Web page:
Because I think it doesn’t necessarily make sense on paper. The truth is, I grew up listening to Aretha Franklin, Stevie Wonder, the Allman Brothers and Bonnie Bramlett. When I sang, this gospelish, R&B voice came out of me. Here I am in a band with a banjo, a fiddle and a mandolin. They know I can sing, I know I can sing, so the obvious thing was to go, “Let’s let him sing. Maybe it’ll make it even cooler.” But on paper, it doesn’t make a lot of sense.

I think what the Allman Brothers did was very close. They were a bunch of young, hippie guys that liked jazz and rock ‘n’ roll. They were a template for us. They took blues and injected rock n’ roll into it. We took bluegrass and did the same thing.

You’ve gone on to work with a number of foundational country-rockers, guys from Poco, the Eagles, the Byrds, the Burritos, the Doobies. What role did New Grass play in introducing you to those musicians?

Here’s the truth about that: My tenure in New Grass Revival opened a million doors for me. It’s really curious because though we never had any hits, we were so well thought of by our peers. It just opened so many doors for me. Musicians always knew who New Grass Revival was, and we were always on the periphery of being successful, though we never actually were.

I read an interview where you said that you learned you weren’t really a country singer during your time in the Sky Kings. Can you tell me more about that realization?

My singing was already in place at that point. With New Grass, when we were putting singles out on Capitol, and they were 100 percent behind us and we had a couple that made little dents here and there on the charts, I was just singing the way I sing.

Here’s what happened when [the Sky Kings] tried to do this country deal with RCA and eventually Warner Brothers: I continued to sing the way I sing, but we were trying to get on the charts and compete with everything that was contemporary in country at that moment. …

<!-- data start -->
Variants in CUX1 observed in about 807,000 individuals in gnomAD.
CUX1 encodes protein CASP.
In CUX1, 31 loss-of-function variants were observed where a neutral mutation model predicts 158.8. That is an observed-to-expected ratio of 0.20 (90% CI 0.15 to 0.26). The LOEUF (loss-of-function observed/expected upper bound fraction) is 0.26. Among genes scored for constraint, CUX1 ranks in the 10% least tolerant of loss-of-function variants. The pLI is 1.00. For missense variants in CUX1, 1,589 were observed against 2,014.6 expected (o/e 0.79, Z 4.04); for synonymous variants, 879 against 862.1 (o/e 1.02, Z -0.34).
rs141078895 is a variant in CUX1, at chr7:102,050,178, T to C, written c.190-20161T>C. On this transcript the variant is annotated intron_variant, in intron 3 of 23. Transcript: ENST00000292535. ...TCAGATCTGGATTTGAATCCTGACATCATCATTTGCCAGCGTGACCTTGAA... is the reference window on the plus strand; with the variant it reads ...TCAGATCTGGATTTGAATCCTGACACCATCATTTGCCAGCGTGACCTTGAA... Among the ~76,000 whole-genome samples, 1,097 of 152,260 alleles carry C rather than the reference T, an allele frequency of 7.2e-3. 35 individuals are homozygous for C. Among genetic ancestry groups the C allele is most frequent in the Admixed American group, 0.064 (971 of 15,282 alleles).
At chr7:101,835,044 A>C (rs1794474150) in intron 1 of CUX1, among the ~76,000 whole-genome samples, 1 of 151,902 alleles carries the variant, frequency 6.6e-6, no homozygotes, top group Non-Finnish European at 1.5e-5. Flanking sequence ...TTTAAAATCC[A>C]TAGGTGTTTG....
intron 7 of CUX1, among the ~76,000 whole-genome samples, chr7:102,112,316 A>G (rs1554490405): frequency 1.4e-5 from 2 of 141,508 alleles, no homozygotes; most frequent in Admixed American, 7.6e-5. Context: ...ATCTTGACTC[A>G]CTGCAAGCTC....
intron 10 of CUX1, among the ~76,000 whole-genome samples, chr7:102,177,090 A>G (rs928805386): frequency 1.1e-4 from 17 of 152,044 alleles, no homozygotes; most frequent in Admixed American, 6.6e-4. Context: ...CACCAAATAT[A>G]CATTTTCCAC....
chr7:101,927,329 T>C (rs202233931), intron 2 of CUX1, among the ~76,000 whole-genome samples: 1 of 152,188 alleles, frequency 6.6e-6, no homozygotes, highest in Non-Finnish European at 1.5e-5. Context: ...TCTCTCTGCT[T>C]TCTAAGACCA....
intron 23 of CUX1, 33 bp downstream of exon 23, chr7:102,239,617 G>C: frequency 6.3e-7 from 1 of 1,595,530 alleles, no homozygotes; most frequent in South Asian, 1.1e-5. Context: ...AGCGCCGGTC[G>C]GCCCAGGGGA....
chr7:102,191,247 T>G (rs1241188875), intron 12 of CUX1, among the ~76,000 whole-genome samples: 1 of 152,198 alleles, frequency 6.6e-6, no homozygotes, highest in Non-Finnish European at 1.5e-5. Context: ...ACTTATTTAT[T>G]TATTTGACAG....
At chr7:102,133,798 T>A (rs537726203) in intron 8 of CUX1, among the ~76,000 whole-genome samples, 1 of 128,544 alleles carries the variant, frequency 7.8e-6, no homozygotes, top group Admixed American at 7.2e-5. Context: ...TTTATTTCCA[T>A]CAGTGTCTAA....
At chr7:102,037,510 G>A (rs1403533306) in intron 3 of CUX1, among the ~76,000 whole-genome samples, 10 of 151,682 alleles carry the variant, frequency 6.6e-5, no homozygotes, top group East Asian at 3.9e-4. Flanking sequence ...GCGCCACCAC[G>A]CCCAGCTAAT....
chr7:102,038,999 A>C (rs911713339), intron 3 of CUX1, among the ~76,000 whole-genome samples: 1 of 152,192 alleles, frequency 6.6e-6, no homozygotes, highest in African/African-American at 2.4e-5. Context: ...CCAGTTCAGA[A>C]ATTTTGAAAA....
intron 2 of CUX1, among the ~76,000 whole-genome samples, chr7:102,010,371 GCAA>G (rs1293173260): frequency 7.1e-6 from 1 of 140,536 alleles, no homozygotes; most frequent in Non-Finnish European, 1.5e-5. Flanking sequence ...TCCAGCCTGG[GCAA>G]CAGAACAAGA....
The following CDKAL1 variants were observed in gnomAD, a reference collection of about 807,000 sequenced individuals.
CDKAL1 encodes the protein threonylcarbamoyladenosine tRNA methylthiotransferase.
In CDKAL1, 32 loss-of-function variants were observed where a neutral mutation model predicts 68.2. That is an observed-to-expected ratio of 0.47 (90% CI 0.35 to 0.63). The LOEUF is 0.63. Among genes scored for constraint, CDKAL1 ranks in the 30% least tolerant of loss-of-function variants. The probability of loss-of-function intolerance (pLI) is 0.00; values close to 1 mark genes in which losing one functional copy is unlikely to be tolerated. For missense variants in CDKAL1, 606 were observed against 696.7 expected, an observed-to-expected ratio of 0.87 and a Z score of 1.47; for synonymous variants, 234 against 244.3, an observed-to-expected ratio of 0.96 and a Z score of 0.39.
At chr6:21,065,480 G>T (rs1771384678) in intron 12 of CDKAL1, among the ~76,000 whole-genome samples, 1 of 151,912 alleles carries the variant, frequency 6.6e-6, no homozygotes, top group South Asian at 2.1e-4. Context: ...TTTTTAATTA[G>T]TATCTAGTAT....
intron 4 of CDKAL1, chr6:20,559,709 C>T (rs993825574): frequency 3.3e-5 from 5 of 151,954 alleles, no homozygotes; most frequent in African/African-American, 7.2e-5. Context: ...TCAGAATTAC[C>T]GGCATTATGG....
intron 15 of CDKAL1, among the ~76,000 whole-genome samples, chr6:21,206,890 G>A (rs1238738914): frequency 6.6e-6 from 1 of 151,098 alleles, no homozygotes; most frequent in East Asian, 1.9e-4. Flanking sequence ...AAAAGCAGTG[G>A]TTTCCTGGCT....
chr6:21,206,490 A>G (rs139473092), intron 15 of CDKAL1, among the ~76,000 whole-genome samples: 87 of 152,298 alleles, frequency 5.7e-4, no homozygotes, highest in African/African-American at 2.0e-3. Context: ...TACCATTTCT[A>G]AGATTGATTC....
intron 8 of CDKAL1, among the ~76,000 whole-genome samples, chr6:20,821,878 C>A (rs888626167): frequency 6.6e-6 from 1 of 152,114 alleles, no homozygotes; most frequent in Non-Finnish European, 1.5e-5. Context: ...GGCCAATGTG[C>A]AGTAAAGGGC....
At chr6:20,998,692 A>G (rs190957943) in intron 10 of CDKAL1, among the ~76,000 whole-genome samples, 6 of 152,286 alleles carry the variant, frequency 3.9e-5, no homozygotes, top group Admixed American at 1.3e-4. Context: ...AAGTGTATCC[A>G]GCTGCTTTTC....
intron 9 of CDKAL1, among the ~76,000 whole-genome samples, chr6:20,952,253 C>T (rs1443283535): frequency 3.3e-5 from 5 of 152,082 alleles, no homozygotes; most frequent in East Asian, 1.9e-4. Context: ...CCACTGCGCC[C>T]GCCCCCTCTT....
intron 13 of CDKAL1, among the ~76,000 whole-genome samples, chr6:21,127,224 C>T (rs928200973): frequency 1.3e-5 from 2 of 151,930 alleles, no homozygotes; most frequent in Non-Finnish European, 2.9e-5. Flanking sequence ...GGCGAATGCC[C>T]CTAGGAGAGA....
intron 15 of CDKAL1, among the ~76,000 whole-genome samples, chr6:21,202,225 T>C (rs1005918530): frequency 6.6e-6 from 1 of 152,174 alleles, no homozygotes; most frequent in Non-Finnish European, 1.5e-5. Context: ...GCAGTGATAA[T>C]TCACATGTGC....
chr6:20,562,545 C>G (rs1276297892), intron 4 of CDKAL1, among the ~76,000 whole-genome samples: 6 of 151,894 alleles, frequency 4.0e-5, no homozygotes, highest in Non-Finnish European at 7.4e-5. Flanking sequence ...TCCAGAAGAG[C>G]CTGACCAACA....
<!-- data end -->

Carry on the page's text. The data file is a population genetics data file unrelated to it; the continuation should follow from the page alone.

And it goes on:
This is kind of interesting for me to say to the press, but something seemed inauthentic for me about it. I don’t know why. I just know it didn’t work. It could have been about timing. I think that was a really good band, and I think we did some really good work.

It was interesting to hear you sing Marty Robbins “Devil Woman” on this album.

Here’s my take on that: I love Marty Robbins, and I love Jim Reeves. If you listen to Hank Williams Sr. or Lefty Frizzell, really, Marty Robbins was not a country singer.

More of a crooner, really.

Yeah, he was a crooner. He had a beautiful voice. He sounded like a trained singer, but he wrote these amazing songs. I’m glad he had so many hits in country music, you know. But he’s not a traditional country singer.

For me, it’s not a stretch to try to sing “Devil Woman” because, really, we’re the same kind of singer. We’re guys that are blessed with really pleasing, beautiful voices that are like an instrument. So that’s not such a stretch. I don’t envision myself singing a John Anderson song or a Hank Sr. song because I think that’s too much a stretch for the ears.

Because you’ve done so many things since New Grass Revival — the Sky Kings, solo R&B albums, the John Cowan Band, the Doobies — people have described that time as an era when you were figuring out what it was you wanted to do. Do you look at it that way?

Honestly, I’ve always been led by musical instincts. That’s the truth. I’ve just been led around the nose by what appeals to me, by what I like.